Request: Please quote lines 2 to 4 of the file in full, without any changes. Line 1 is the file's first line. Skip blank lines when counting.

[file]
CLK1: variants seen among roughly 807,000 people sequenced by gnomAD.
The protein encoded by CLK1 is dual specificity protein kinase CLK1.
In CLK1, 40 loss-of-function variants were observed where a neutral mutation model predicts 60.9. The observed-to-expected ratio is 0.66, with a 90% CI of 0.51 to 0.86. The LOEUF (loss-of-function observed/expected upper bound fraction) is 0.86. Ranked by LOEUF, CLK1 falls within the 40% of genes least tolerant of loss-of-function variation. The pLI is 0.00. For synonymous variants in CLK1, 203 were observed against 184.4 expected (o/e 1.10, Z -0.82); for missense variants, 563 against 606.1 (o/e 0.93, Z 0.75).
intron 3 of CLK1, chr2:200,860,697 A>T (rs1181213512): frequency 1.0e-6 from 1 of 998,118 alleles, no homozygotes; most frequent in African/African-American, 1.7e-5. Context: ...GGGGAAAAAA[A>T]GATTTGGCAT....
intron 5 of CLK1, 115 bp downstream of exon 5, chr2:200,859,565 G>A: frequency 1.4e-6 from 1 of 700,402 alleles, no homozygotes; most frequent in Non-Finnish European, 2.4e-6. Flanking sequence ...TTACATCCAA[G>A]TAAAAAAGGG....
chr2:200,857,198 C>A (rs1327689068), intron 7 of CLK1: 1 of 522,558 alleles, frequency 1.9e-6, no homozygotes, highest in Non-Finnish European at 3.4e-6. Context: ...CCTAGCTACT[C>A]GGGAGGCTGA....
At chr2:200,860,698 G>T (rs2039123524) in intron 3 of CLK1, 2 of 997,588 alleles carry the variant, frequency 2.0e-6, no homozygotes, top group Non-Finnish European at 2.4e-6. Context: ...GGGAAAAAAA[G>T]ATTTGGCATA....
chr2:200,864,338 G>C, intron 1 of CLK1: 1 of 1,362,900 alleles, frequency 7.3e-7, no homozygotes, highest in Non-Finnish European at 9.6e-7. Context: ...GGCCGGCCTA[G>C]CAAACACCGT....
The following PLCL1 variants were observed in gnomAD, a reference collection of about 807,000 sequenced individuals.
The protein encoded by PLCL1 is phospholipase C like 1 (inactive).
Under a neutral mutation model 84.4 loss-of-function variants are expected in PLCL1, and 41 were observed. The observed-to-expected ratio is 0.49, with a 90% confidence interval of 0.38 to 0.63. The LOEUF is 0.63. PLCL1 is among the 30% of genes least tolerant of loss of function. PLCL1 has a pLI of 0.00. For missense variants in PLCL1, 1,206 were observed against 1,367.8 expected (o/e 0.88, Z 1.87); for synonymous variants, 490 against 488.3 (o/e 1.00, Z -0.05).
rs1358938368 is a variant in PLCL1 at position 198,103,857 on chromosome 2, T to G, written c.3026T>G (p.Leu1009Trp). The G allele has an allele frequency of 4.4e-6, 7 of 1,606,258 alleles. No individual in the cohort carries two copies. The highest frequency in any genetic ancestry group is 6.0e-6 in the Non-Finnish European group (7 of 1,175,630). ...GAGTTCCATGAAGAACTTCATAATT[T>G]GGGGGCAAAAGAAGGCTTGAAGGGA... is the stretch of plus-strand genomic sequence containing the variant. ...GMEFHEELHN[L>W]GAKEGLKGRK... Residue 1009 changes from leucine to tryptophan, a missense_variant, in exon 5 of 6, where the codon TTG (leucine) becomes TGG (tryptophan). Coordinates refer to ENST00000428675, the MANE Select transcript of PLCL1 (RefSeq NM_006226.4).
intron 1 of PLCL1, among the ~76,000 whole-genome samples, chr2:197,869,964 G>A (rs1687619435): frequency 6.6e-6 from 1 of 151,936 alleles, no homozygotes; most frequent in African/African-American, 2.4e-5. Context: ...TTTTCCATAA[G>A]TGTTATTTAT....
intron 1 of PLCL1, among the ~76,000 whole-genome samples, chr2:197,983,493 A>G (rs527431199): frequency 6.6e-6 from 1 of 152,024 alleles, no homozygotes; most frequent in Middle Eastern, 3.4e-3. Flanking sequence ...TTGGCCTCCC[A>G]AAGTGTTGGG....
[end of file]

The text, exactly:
The protein encoded by CLK1 is dual specificity protein kinase CLK1.
In CLK1, 40 loss-of-function variants were observed where a neutral mutation model predicts 60.9. The observed-to-expected ratio is 0.66, with a 90% CI of 0.51 to 0.86. The LOEUF (loss-of-function observed/expected upper bound fraction) is 0.86. Ranked by LOEUF, CLK1 falls within the 40% of genes least tolerant of loss-of-function variation. The pLI is 0.00. For synonymous variants in CLK1, 203 were observed against 184.4 expected (o/e 1.10, Z -0.82); for missense variants, 563 against 606.1 (o/e 0.93, Z 0.75).
intron 3 of CLK1, chr2:200,860,697 A>T (rs1181213512): frequency 1.0e-6 from 1 of 998,118 alleles, no homozygotes; most frequent in African/African-American, 1.7e-5. Context: ...GGGGAAAAAA[A>T]GATTTGGCAT....